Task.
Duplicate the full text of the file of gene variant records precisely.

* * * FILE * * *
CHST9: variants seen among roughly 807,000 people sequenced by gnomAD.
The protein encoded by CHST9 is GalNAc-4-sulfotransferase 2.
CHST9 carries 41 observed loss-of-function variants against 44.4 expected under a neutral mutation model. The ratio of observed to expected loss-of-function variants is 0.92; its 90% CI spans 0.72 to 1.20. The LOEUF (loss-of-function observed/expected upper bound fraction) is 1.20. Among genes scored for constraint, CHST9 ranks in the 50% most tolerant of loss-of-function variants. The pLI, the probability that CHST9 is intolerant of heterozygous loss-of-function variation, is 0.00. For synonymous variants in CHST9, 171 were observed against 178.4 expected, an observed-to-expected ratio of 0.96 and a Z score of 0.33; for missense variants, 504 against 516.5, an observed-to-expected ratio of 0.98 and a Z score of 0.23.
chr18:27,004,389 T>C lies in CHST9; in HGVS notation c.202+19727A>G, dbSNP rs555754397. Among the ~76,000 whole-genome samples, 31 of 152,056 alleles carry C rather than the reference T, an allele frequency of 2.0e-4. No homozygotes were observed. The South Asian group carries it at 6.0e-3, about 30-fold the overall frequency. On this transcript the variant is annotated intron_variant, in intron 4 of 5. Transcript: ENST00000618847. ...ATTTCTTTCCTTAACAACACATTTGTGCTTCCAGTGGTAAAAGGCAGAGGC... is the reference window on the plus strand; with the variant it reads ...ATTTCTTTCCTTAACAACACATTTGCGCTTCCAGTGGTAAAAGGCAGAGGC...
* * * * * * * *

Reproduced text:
CHST9: variants seen among roughly 807,000 people sequenced by gnomAD.
The protein encoded by CHST9 is GalNAc-4-sulfotransferase 2.
CHST9 carries 41 observed loss-of-function variants against 44.4 expected under a neutral mutation model. The ratio of observed to expected loss-of-function variants is 0.92; its 90% CI spans 0.72 to 1.20. The LOEUF (loss-of-function observed/expected upper bound fraction) is 1.20. Among genes scored for constraint, CHST9 ranks in the 50% most tolerant of loss-of-function variants. The pLI, the probability that CHST9 is intolerant of heterozygous loss-of-function variation, is 0.00. For synonymous variants in CHST9, 171 were observed against 178.4 expected, an observed-to-expected ratio of 0.96 and a Z score of 0.33; for missense variants, 504 against 516.5, an observed-to-expected ratio of 0.98 and a Z score of 0.23.
chr18:27,004,389 T>C lies in CHST9; in HGVS notation c.202+19727A>G, dbSNP rs555754397. Among the ~76,000 whole-genome samples, 31 of 152,056 alleles carry C rather than the reference T, an allele frequency of 2.0e-4. No homozygotes were observed. The South Asian group carries it at 6.0e-3, about 30-fold the overall frequency. On this transcript the variant is annotated intron_variant, in intron 4 of 5. Transcript: ENST00000618847. ...ATTTCTTTCCTTAACAACACATTTGTGCTTCCAGTGGTAAAAGGCAGAGGC... is the reference window on the plus strand; with the variant it reads ...ATTTCTTTCCTTAACAACACATTTGCGCTTCCAGTGGTAAAAGGCAGAGGC...